The English language now has a significant place in global and human interaction. It has evolved into a global language and a means of communication for many individuals from many cultures and backgrounds.
Non-native speakers learn English in two different ways or approaches. One is ESL (English as a Second Language) and the other is Bilingual Education. In both methods, English is added as a second language and as a tool for communication for non-English speakers.
The major differences between the two are the methods of teaching, the medium, or language of instruction and the composition of students or non-English speakers attending the classes.
The Submersion Method
ESL is also called as the submersion approach. In this type of teaching, there is only one language of instruction, which is English. The instructor speaks English and only English. The class or students can come from different non-native English countries. This means that the students speak different mother tongues or first languages. The classroom or learning area often prohibits the use of the mother tongue to encourage the students to speak only in English.
Since the teacher or instructor only speaks English, there is no need to communicate in a student’s mother language. The main emphasis in this type of English learning is to teach an acquisition of the English language only.
ESL can produce students that are fairly competent in English writing and speaking. However, one of the significant outcomes of ESL is that the students are lacking or becoming weaker in their first language or mother tongue.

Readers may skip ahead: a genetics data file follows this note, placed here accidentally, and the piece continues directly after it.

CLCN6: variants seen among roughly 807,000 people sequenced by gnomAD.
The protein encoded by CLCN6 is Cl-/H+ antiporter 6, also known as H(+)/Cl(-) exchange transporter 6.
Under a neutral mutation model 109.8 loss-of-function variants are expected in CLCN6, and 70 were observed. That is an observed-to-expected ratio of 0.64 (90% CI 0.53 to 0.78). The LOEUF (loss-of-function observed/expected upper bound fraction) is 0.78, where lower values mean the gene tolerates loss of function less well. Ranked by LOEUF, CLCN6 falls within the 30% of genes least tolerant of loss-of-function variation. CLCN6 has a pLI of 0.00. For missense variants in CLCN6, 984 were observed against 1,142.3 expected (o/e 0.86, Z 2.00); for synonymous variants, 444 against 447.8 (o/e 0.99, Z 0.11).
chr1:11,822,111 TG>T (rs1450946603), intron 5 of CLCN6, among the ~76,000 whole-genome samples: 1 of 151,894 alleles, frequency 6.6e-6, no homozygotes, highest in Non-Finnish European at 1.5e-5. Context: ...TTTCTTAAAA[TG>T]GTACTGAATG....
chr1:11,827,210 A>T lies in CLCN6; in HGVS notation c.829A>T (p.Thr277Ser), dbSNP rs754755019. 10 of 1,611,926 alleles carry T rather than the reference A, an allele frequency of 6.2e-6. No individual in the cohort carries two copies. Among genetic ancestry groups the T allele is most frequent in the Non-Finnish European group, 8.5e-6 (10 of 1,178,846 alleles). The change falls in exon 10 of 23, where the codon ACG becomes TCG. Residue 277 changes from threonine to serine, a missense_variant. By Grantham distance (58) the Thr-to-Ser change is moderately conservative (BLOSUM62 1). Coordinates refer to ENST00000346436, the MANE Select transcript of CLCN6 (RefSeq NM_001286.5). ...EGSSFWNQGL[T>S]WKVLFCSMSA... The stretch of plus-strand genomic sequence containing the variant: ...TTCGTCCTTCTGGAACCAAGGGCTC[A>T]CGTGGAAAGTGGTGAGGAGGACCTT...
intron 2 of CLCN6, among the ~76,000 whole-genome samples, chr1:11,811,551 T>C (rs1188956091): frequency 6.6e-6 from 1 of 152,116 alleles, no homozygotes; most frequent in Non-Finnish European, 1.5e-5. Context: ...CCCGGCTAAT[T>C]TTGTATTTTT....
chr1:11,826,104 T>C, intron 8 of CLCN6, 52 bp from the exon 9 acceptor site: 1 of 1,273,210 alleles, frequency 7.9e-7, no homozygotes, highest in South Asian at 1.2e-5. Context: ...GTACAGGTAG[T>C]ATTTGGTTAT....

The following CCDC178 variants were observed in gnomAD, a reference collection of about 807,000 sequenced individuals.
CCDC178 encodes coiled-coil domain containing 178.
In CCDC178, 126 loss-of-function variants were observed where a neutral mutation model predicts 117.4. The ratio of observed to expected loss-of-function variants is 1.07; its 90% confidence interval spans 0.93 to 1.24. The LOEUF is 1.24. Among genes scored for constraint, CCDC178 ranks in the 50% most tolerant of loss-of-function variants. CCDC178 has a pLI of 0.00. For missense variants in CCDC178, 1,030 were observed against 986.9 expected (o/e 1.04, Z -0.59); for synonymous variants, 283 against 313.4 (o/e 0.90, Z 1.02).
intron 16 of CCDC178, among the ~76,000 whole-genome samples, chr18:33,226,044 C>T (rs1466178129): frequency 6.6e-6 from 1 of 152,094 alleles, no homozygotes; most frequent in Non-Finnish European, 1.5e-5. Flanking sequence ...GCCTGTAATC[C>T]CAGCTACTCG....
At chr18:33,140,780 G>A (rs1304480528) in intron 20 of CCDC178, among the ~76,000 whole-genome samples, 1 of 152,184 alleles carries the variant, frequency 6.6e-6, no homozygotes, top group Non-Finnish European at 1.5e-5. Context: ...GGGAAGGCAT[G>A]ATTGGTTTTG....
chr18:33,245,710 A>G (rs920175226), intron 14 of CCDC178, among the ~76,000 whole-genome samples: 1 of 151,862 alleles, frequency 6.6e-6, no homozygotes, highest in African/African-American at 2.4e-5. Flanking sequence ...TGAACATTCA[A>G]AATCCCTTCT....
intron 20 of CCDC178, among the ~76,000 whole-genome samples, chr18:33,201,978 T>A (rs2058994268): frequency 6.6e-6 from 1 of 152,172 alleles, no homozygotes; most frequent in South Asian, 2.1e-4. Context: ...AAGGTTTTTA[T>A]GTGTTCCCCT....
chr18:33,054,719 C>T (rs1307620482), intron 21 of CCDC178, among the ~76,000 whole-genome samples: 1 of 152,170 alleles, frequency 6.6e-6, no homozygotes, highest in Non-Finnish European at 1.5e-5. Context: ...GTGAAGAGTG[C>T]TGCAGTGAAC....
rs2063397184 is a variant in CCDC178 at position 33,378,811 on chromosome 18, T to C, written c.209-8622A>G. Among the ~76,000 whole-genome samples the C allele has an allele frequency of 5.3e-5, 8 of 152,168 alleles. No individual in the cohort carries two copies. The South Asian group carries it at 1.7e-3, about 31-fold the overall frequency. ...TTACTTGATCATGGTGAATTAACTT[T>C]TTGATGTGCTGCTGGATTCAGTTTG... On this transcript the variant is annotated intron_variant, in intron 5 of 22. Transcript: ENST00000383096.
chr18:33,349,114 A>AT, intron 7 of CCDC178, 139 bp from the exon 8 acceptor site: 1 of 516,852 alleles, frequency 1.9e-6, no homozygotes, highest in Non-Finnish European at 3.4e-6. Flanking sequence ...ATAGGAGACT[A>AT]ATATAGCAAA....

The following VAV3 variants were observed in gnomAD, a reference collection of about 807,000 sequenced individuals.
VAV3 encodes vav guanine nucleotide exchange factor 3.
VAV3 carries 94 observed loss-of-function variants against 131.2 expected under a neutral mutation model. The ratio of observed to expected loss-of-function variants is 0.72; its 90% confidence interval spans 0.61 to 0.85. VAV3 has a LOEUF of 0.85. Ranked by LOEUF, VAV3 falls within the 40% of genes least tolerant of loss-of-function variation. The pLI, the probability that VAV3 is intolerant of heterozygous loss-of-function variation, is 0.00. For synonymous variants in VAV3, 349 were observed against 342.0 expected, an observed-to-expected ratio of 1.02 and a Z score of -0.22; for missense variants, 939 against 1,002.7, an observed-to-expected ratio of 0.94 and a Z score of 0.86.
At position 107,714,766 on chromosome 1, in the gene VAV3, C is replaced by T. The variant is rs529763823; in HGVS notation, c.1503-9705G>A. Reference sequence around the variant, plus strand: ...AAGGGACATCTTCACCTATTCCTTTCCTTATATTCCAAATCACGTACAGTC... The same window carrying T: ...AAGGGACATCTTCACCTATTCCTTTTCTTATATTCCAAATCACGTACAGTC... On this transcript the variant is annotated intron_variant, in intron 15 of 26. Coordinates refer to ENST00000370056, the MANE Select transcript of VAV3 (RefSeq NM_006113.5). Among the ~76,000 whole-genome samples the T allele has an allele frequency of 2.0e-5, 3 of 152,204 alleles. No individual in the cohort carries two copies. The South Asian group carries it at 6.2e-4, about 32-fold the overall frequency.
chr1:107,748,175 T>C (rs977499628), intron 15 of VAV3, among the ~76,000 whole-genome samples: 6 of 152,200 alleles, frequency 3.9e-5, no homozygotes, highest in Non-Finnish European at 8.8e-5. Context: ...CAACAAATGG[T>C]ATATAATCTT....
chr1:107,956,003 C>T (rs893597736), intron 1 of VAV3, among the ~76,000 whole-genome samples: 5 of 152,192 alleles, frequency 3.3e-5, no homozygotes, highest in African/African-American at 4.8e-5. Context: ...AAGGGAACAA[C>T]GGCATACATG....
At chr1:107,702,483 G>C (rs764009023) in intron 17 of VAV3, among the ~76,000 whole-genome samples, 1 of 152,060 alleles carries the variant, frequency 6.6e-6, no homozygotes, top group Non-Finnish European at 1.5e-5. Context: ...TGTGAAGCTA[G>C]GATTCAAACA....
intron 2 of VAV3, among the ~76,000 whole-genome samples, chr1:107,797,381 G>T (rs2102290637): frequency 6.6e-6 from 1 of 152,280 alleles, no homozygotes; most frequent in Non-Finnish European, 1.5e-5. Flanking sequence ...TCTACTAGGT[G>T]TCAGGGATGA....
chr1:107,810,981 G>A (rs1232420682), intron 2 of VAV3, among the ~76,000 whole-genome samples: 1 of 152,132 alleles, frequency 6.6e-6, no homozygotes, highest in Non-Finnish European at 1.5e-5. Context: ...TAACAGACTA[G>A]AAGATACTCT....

The Dual Language Immersion
On the other hand, bilingual approach not only teaches English but also gives consideration to the student’s mother tongue. In a bilingual class or program, there are two media of instruction, the mother language and English. The main aim is for the students to learn English while still learning or without abandoning their mother tongue. This is called bilingual literacy wherein competence in both English and one’s mother tongue is expected.
The students in a bilingual education are usually speakers of the same mother tongue. The teacher is also a speaker of the first language. The teacher usually needs to communicate or teach students in both the mother tongue and English on every subject.
Which approach is better?
Though bilingual education has many benefits, it is not always the best option for students. For example, in some cases, English Language Learners may benefit more from an ESL program that focuses on developing their English language skills.
Discerning which type of program is best suited to a given student population is not difficult. It is important to consider all of the factors involved when making a decision about what type of educational program is right for the child. A simple inventory of students’ languages, available teaching staff and space will easily determine if an ESL or a bilingual program is necessary, and when done well, both are excellent ways to learn.